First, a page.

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The economic cost of the shutdown will soon be the cost of the wall

Trump’s $5 billion wall demand caused what’s about to be a $5 billion shutdown.

President Donald Trum speaks with the media amid a partial government shutdown in January 2019.
President Donald Trum speaks with the media amid a partial government shutdown in January 2019.
Mark Wilson/Getty Images
Emily Stewart covered business and economics for Vox and wrote the newsletter The Big Squeeze, examining the ways ordinary people are being squeezed under capitalism. Before joining Vox, she worked for TheStreet.

If the partial government shutdown continues for another two weeks, the economic cost will be equivalent to the amount President Donald Trump wants for his border wall, according to an analysis from S&P Global Ratings.

The US economy lost $3.6 billion by the end of the day on Friday because of the government shutdown, according to the report.

As of Saturday, the current partial shutdown is now the longest in US history. If the impasse continues for another two weeks — and it very well might — the US economy would be out $5.7 billion, the amount the White House is demanding for the border wall.

“The longer this shutdown drags on, the more collateral damage the economy will suffer,” the S&P analysts wrote. They noted that the shutdown has both direct and indirect economic costs.

Given that the US is the world’s largest economy, that amount isn’t enough to make a big dent — at least not yet. But the longer the shutdown goes on, the worse the scenario gets. And it’s already, of course, detrimental to hundreds of thousands of federal workers who are missing their paychecks, not to mention contractors who may never be paid.

Contractors that do business with the government aren’t getting paid and therefore neither are their workers, meaning less money in their pockets to spend. Contractors may eventually reduce their workforces if this goes on long enough, and while federal workers will be paid once the shutdown ends, contract workers won’t. Even many workers who will receive back pay are for the time being taking out new loans or struggling to pay their mortgages, credit cards, or rent. Some 800,000 federal workers have been impacted by the shutdown and have been furloughed or are working without pay. The first paychecks didn’t go out last week, meaning an estimated $2 billion in pay wasn’t distributed.

Furloughed employees at the Securities and Exchange Commission means a slowdown in initial public offerings, meaning companies that were expected to go public at the start of the year aren’t. Closed national parks, museums, and monuments mean canceled vacations.

The Bureau of Economic Analysis estimates that the 16-day shutdown in October 2013 resulted in a 0.3 percent reduction in real GDP growth. Ian Shepherdson, the chief economist at the research consultancy Pantheon Macroeconomics, warned in a note to clients on Monday that the shutdown is starting to do “real damage” to first-quarter economic growth. “[I]f the shutdown were to last through the whole quarter, we would look for an outright decline in GDP,” he wrote.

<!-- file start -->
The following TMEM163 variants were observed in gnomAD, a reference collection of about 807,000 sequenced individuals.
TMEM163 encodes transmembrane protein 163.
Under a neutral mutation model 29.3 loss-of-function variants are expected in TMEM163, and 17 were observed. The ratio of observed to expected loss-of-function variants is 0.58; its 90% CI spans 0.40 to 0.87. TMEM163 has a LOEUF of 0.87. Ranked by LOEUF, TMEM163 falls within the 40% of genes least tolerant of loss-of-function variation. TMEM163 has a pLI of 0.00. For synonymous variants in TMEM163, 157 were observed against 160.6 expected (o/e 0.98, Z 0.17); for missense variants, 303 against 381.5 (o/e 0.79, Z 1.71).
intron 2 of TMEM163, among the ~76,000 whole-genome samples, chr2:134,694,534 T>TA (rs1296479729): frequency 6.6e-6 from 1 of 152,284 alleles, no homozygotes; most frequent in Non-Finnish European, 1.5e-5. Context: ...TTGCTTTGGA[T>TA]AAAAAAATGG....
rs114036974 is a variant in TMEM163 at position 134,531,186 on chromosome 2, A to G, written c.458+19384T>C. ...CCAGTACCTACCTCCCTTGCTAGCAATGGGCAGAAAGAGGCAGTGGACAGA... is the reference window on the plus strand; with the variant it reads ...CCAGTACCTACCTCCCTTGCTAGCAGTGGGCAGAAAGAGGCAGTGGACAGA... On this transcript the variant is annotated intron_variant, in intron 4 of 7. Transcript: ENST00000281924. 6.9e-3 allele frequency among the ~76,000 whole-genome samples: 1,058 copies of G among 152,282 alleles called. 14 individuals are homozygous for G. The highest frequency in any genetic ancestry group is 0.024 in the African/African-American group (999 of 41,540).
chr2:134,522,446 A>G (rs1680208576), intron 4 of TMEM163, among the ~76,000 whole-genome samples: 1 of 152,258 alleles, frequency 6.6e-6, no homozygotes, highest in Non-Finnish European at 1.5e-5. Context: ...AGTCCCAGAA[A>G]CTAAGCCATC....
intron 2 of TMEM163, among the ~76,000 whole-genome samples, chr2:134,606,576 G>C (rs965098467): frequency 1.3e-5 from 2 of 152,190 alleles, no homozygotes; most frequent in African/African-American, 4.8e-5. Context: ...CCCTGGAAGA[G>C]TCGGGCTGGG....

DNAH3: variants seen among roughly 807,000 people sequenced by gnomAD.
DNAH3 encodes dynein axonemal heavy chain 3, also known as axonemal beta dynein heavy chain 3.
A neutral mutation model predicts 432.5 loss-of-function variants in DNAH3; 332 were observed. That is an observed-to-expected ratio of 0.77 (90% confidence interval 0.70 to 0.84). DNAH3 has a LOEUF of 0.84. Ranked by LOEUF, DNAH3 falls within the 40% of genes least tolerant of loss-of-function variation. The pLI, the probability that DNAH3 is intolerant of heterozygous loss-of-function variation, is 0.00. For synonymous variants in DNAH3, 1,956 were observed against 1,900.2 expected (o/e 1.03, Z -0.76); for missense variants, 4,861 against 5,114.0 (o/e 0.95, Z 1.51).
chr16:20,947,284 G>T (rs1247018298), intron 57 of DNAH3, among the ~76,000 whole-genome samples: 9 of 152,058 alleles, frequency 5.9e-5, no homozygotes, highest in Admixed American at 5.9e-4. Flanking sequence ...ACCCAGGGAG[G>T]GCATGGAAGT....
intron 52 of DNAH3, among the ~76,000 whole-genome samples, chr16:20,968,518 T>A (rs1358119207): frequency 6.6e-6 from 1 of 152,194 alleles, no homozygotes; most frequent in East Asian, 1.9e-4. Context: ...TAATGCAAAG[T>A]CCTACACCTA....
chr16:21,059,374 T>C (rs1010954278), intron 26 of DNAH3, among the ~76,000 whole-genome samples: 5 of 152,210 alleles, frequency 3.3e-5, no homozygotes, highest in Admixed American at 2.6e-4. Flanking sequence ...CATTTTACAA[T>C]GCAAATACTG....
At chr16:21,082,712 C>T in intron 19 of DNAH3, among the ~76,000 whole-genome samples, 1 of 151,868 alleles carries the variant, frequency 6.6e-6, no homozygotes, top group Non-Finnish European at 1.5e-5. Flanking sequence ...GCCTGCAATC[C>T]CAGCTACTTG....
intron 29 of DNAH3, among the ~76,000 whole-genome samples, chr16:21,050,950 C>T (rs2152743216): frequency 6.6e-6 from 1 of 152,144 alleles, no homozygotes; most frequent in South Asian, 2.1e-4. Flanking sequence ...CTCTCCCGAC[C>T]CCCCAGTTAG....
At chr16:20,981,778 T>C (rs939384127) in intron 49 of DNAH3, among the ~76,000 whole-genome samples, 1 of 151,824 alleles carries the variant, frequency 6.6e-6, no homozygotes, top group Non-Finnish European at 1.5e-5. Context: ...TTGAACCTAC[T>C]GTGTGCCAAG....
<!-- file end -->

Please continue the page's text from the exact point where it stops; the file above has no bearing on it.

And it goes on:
Federal Reserve Chair Jerome Powell said on Thursday that a prolonged government shutdown could very well affect economic growth while speaking at the Economic Club of Washington. He said in the short term, shutdowns haven’t lasted very long and haven’t left much of a mark on the economy, though he acknowledged there are “plenty of personal hardships.”

“A longer shutdown is something we haven’t had,” he said. “If we have an extended shutdown, I do think that would show up in the data pretty clear.”

Trump said last week that the shutdown could last for “months” or even “years,” though such a scenario is unlikely.

Trump and Congress could figure out a way to end this

The government shutdown doesn’t have to last for another day, let alone weeks or months, if President Trump and Congress could strike a deal.

Before the shutdown began, Trump appeared on track to pass a bill to temporarily fund the government that passed the Senate unanimously. Since Democrats took over the House of Representatives, they’ve also passed legislation that could reopen the government, if Senate Republicans would take it up and Trump would sign it. (He says he won’t.) The president has started to float the idea of declaring a national emergency to get wall money.

Trump has dug in hard on his wall demands, saying it’s essentially the $5.7 billion or nothing. Congressional Democrats have said they want to reopen the government and continue negotiations over border security. (Vox’s Dara Lind has a complete explainer of exactly what it is that the White House wants.) There are ways for the shutdown to end even without Trump — namely, Senate Republicans could join with Democrats to pass a funding bill with a veto-proof majority.

As the impasse continues and Trump stands firm on his wall-or-nothing approach, the costs continue to add up. They’re big for the federal workers and contractors directly impacted, but as time goes on, they’ll take hold in the broader economy as well. For the time being, Trump, who has staked much of his presidential success on economic growth, doesn’t seem to care.

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